HOW TO CLEAN UP VOMIT
Whether you're the person throwing up or the one cleaning up afterwards (worst case scenario: you're both), getting sick is no fun for anyone. But the longer you wait to tackle a vomit stain, the more it's going to set, and the more you're going to get grossed out by it.
Vomit is a protein stain. Protein-based stains are left by animal-based products or secretions like egg, milk, blood and other bodily fluids. These can coagulate and set into fabric fibers at relatively low temperatures, so it's important that you never clean them with hot water. Another thing you want to avoid when dealing with a protein stain is chlorine bleach because it will chemically react and leave the spot looking yellow and feeling stiff. Similarly, hydrogen peroxide can cause discoloration even on white fabrics and carpet.
Baking soda is a particularly popular cleaning method used to clean vomit from carpet. While this is widely known as nature's deodorizer, its small particles can cause permanent damage to both your carpet and your vacuum cleaner. Since the powder is so fine, remnants of it can sink through the carpet and padding and remain on top of the floor underneath. The fine particles can also clog the pores of your vacuum's bag or HEPA filter, which can drastically reduce suction power. On top of all this, baking soda dust can potentially seep through your vacuum's filtration system and get sucked into the motor.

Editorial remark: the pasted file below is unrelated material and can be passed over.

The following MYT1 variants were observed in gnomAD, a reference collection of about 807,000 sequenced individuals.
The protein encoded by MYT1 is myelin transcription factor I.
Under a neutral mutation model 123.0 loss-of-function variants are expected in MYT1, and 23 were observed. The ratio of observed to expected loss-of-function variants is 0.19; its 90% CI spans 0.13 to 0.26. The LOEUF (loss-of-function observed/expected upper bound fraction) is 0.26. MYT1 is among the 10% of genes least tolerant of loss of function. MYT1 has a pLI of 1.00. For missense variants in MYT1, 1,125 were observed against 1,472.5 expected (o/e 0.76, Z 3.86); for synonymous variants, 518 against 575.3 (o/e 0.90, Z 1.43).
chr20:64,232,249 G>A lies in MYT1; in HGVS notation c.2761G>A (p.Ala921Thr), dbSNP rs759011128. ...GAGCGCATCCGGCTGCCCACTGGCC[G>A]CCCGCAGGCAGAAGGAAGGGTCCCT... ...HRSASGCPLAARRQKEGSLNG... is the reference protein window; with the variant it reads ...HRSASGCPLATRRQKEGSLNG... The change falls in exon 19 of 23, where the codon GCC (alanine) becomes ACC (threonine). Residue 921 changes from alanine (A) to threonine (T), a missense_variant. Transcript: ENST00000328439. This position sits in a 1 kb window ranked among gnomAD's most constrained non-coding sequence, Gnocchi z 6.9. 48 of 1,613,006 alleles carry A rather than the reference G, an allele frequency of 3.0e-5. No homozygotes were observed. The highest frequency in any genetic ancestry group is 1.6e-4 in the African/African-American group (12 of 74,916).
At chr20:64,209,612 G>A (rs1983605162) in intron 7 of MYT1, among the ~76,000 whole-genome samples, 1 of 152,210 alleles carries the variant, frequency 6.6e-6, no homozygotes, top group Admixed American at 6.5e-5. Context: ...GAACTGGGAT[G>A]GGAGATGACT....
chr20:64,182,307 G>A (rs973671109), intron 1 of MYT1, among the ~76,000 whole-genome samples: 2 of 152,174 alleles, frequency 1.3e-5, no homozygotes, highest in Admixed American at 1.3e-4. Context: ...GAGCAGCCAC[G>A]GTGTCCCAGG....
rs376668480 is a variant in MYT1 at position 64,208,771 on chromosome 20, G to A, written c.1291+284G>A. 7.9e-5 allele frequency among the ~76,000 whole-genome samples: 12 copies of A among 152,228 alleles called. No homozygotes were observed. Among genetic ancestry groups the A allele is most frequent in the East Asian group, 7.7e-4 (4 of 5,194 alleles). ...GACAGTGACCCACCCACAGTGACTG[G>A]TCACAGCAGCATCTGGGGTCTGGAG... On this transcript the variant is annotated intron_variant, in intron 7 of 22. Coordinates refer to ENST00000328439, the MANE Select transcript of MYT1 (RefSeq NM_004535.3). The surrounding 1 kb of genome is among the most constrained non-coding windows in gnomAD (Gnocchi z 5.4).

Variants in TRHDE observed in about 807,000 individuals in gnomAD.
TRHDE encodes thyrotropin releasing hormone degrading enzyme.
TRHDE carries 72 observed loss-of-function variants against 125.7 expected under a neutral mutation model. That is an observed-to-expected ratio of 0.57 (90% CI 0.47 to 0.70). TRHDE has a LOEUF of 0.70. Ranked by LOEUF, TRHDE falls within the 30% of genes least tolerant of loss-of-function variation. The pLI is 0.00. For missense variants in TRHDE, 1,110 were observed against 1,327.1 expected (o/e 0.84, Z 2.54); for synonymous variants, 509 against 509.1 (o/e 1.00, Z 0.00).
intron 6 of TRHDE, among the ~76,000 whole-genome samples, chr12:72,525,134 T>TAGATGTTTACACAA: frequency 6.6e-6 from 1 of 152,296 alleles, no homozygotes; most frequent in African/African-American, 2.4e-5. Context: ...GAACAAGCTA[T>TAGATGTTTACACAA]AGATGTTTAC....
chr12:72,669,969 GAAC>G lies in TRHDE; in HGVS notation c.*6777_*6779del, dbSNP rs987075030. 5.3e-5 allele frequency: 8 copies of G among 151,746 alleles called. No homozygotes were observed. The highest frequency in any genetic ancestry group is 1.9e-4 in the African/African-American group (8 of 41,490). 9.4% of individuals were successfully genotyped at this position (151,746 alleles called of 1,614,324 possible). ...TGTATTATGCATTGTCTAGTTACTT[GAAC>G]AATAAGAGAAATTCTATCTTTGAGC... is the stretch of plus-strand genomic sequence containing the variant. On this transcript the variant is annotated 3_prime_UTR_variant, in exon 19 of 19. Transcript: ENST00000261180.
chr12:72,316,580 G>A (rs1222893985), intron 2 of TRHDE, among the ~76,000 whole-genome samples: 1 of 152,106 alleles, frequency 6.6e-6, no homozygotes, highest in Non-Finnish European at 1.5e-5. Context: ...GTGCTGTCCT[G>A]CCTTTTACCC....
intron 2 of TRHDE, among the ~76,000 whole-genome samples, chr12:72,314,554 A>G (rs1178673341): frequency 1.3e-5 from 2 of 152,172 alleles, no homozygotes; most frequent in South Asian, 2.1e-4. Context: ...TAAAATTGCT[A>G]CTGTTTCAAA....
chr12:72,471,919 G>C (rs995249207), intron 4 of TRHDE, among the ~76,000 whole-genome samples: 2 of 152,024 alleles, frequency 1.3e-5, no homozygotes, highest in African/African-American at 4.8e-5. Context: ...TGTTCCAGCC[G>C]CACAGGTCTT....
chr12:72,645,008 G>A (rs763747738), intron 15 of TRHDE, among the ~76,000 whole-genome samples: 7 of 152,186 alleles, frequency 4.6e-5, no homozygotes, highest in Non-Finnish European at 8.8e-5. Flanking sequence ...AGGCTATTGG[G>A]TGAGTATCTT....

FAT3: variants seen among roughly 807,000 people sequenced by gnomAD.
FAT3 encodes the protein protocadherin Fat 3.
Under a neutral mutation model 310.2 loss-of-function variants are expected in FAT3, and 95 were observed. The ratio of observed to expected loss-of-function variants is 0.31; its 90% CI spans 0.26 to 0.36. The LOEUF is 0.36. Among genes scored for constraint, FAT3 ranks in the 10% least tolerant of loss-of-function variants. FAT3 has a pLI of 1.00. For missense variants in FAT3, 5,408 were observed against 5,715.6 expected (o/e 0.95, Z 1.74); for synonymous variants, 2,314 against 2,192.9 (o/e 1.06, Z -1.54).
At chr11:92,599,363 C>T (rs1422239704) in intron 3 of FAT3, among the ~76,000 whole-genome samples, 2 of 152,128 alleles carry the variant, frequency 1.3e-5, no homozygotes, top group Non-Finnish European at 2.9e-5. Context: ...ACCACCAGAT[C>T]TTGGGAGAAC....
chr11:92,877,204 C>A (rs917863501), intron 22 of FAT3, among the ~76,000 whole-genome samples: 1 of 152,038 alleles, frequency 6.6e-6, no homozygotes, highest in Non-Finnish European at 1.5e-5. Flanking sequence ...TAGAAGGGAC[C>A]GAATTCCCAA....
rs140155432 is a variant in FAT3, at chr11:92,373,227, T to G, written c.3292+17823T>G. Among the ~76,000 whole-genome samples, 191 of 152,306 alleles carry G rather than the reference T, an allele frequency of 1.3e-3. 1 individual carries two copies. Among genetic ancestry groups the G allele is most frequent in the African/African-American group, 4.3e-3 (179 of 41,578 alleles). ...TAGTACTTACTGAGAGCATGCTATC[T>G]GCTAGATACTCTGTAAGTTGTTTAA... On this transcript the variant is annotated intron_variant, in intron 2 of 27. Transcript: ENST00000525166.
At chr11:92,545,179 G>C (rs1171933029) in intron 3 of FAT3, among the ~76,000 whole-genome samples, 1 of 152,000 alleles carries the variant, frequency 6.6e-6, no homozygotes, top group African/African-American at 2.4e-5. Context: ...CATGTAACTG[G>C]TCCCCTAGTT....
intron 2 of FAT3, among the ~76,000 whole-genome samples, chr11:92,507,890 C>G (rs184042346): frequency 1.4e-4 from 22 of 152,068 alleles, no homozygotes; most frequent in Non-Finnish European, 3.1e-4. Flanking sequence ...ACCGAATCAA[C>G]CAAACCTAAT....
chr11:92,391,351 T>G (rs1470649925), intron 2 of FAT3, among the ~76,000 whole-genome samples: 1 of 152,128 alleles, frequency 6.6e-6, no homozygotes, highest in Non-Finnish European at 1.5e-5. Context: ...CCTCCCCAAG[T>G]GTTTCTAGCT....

Simple Green All-Purpose Cleaner is a cleaner and degreaser that powers out stains on washable surfaces like fabric and carpet. As an added bonus, it deodorizes while it cleans, removing unpleasant odors and leaving behind a sassafras, lemon or lavender scent.
We recommend you wear gloves to protect yourself from germs.
For dry-clean-only garments, follow step 1 above. Then blot the stain gently with a clean, white cloth dampened with cold water. Follow up with a dry cloth and take the garment to your dry cleaner as soon as possible.
The trick to getting vomit stains out of carpet is to work from the outer edges toward the center of the stain to prevent it from spreading.
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